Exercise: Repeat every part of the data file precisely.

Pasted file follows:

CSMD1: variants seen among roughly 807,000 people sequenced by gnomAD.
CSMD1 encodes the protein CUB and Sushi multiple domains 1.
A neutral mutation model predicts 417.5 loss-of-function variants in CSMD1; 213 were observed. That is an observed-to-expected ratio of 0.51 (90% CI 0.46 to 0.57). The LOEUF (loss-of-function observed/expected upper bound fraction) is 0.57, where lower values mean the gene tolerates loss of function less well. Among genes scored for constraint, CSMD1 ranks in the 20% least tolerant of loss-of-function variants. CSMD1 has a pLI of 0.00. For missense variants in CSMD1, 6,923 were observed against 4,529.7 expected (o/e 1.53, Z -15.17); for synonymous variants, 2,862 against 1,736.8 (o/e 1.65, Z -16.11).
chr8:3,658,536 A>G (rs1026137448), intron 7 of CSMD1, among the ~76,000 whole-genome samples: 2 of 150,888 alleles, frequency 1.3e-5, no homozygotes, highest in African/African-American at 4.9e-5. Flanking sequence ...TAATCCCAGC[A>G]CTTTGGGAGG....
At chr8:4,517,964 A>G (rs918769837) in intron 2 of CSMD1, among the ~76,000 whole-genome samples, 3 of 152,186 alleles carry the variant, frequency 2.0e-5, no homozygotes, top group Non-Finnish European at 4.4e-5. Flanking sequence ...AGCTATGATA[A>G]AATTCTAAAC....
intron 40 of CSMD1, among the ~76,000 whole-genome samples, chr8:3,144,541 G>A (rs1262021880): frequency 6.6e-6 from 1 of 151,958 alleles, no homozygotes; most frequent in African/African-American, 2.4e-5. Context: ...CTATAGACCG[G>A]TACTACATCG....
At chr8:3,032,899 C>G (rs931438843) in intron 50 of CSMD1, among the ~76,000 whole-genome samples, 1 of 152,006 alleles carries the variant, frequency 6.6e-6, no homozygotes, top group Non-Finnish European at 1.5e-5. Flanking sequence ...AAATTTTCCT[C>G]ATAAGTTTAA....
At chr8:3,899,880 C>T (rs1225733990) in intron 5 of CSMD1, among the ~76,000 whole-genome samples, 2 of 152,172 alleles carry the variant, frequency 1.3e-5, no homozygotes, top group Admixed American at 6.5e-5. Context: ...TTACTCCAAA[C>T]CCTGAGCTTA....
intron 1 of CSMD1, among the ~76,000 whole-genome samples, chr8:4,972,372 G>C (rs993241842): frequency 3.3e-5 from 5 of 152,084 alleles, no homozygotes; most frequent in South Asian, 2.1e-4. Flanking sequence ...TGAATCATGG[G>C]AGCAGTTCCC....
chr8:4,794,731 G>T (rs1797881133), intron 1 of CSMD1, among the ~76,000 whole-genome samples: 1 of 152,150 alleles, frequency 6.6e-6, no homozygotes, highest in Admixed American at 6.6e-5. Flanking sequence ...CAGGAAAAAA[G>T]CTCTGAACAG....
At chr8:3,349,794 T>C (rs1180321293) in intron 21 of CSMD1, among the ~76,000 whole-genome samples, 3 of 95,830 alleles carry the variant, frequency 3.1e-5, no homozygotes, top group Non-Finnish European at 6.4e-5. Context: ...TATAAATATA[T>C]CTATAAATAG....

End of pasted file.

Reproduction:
CSMD1: variants seen among roughly 807,000 people sequenced by gnomAD.
CSMD1 encodes the protein CUB and Sushi multiple domains 1.
A neutral mutation model predicts 417.5 loss-of-function variants in CSMD1; 213 were observed. That is an observed-to-expected ratio of 0.51 (90% CI 0.46 to 0.57). The LOEUF (loss-of-function observed/expected upper bound fraction) is 0.57, where lower values mean the gene tolerates loss of function less well. Among genes scored for constraint, CSMD1 ranks in the 20% least tolerant of loss-of-function variants. CSMD1 has a pLI of 0.00. For missense variants in CSMD1, 6,923 were observed against 4,529.7 expected (o/e 1.53, Z -15.17); for synonymous variants, 2,862 against 1,736.8 (o/e 1.65, Z -16.11).
chr8:3,658,536 A>G (rs1026137448), intron 7 of CSMD1, among the ~76,000 whole-genome samples: 2 of 150,888 alleles, frequency 1.3e-5, no homozygotes, highest in African/African-American at 4.9e-5. Flanking sequence ...TAATCCCAGC[A>G]CTTTGGGAGG....
At chr8:4,517,964 A>G (rs918769837) in intron 2 of CSMD1, among the ~76,000 whole-genome samples, 3 of 152,186 alleles carry the variant, frequency 2.0e-5, no homozygotes, top group Non-Finnish European at 4.4e-5. Flanking sequence ...AGCTATGATA[A>G]AATTCTAAAC....
intron 40 of CSMD1, among the ~76,000 whole-genome samples, chr8:3,144,541 G>A (rs1262021880): frequency 6.6e-6 from 1 of 151,958 alleles, no homozygotes; most frequent in African/African-American, 2.4e-5. Context: ...CTATAGACCG[G>A]TACTACATCG....
At chr8:3,032,899 C>G (rs931438843) in intron 50 of CSMD1, among the ~76,000 whole-genome samples, 1 of 152,006 alleles carries the variant, frequency 6.6e-6, no homozygotes, top group Non-Finnish European at 1.5e-5. Flanking sequence ...AAATTTTCCT[C>G]ATAAGTTTAA....
At chr8:3,899,880 C>T (rs1225733990) in intron 5 of CSMD1, among the ~76,000 whole-genome samples, 2 of 152,172 alleles carry the variant, frequency 1.3e-5, no homozygotes, top group Admixed American at 6.5e-5. Context: ...TTACTCCAAA[C>T]CCTGAGCTTA....
intron 1 of CSMD1, among the ~76,000 whole-genome samples, chr8:4,972,372 G>C (rs993241842): frequency 3.3e-5 from 5 of 152,084 alleles, no homozygotes; most frequent in South Asian, 2.1e-4. Flanking sequence ...TGAATCATGG[G>C]AGCAGTTCCC....
chr8:4,794,731 G>T (rs1797881133), intron 1 of CSMD1, among the ~76,000 whole-genome samples: 1 of 152,150 alleles, frequency 6.6e-6, no homozygotes, highest in Admixed American at 6.6e-5. Flanking sequence ...CAGGAAAAAA[G>T]CTCTGAACAG....
At chr8:3,349,794 T>C (rs1180321293) in intron 21 of CSMD1, among the ~76,000 whole-genome samples, 3 of 95,830 alleles carry the variant, frequency 3.1e-5, no homozygotes, top group Non-Finnish European at 6.4e-5. Context: ...TATAAATATA[T>C]CTATAAATAG....